After 1941, the flaming chalice symbol spread throughout Unitarianism in America and the rest of the world. This spread continued after Unitarians in North America merged with Universalists to form the Unitarian Universalist Association in 1961.

Joys and Concerns

The sharing of joys and concerns is an important part of our community. At the entrance to Cole Hall is a table with a book, set up for anyone who wishes to write a brief note of what is on their mind this day. These are read aloud by the minister during the service, followed by an invitation for anyone who would like to place a stone in the sand garden set up on a table before the pulpit. These joys and concerns are not expressed verbally. At the conclusion, our minister places one more stone or lights one more candle for intentions which may not even be in the room but are hidden in our hearts. There follows a prayer and meditation.

Sermon and Service Recordings

Rev. Greg Ward, our Mission Peak Minister.

Past sermons can be found at Service and Sermon Recordings. Upcoming sermon topics are at Upcoming Services. Here are links to the latest Sermon and Service Recordings:

▶️ Our Country: In Sickness and in Health — A Seventy-Year Perspective July 3, 2022

With so many things going terribly wrong in this country, it’s easy to lose sight of our strengths. Today we will consider the long-term progress our nation has made, looking for signs of health and hope. Before the service, you may want to ask yourself what you think of as America’s greatest strengths, and how these can help us through our current crises. Our worship leader will be Rev. Chris Schriner, Minister Emeritus at MPUUC. Paul Davis will be our worship associate, and Rev. Barbara Meyers will offer a reflection. Jo Ann Schriner and Knuti VanHoven will provide our music.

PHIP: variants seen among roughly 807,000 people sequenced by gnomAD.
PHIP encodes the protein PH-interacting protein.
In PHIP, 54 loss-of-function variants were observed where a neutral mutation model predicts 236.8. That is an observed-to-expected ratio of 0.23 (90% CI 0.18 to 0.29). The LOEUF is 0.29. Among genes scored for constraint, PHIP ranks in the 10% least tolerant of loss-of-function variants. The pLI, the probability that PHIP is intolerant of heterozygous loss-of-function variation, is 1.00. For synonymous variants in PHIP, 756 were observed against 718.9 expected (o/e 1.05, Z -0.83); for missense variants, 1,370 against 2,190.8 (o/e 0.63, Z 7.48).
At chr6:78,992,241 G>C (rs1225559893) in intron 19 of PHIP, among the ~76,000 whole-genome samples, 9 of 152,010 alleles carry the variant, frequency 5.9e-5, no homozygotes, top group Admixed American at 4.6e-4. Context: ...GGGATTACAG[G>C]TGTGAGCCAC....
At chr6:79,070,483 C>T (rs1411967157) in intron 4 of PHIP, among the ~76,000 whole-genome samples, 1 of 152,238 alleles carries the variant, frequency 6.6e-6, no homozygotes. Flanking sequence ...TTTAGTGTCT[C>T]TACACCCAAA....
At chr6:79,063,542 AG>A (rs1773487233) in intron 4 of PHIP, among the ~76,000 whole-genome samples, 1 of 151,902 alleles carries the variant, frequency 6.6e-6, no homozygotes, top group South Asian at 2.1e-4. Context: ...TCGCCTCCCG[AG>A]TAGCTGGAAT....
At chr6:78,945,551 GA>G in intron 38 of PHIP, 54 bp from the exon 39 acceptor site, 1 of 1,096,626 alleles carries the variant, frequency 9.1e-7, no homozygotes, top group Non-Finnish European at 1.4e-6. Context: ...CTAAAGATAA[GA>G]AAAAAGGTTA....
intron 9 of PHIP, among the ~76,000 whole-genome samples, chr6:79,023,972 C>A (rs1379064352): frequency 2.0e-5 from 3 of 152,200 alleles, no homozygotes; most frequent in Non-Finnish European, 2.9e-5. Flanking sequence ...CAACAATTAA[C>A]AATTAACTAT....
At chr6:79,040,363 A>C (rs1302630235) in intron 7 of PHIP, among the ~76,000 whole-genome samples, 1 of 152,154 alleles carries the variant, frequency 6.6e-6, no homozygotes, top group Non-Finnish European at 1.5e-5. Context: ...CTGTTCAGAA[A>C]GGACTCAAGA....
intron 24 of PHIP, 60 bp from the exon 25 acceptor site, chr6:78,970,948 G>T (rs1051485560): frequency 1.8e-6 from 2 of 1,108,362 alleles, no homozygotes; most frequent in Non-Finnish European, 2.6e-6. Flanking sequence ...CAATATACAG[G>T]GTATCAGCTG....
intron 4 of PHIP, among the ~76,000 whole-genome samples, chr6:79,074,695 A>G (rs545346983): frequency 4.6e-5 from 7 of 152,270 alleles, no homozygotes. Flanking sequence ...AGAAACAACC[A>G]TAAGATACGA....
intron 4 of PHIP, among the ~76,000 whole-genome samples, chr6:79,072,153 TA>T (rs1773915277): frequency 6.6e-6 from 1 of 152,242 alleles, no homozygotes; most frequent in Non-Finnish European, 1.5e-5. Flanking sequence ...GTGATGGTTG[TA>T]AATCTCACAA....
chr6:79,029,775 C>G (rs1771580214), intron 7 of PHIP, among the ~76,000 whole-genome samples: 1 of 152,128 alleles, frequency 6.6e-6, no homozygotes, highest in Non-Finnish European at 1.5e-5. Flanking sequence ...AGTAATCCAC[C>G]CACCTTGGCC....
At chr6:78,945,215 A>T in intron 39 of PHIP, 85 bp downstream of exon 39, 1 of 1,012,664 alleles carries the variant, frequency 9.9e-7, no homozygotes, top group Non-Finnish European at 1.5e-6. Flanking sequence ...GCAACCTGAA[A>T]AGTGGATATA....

▶️ MPUUC for a Change June 26, 2022

This is a service based on the music that has moved us. It is a great blessing to have music that moves us. It’s an even greater blessing to be able to make music that moves us. This is a service from our music makers about the particular songs that they have brought into our worship services that meant something special. We will hear the music as well as the stories about making it that rendered that music as memorable or special.

▶️ Juneteenth June 19, 2022

Known to some as the country’s “second Independence Day,” Juneteenth celebrates freedom. Not just the freedom of folks who assumed they were free, but what it might feel like if ALL people were free. The news that enslaved people would be freed after the civil war, took a long time in reaching some communities – especially where enslaved folks were reliant on their enslavers to tell them. On June 19, 1865 news reached the far outpost of Galveston TX. On June 17, 2021, it became a Federal Holiday.

The Five Hearts Mosaic

Five mosaic hearts rise above the chancel at the center of Cole Hall where the Mission Peak congregation holds services. These were made by Don Ramie and Patricia Osage in May of 2015, using pieces of broken items parishioners were invited to bring from home for the purpose. The symbolism of what is broken being made whole is intended.

Sanctuary Weavings

Weavings by our community minister Rev. Barbara Meyers often decorate our Sanctuary.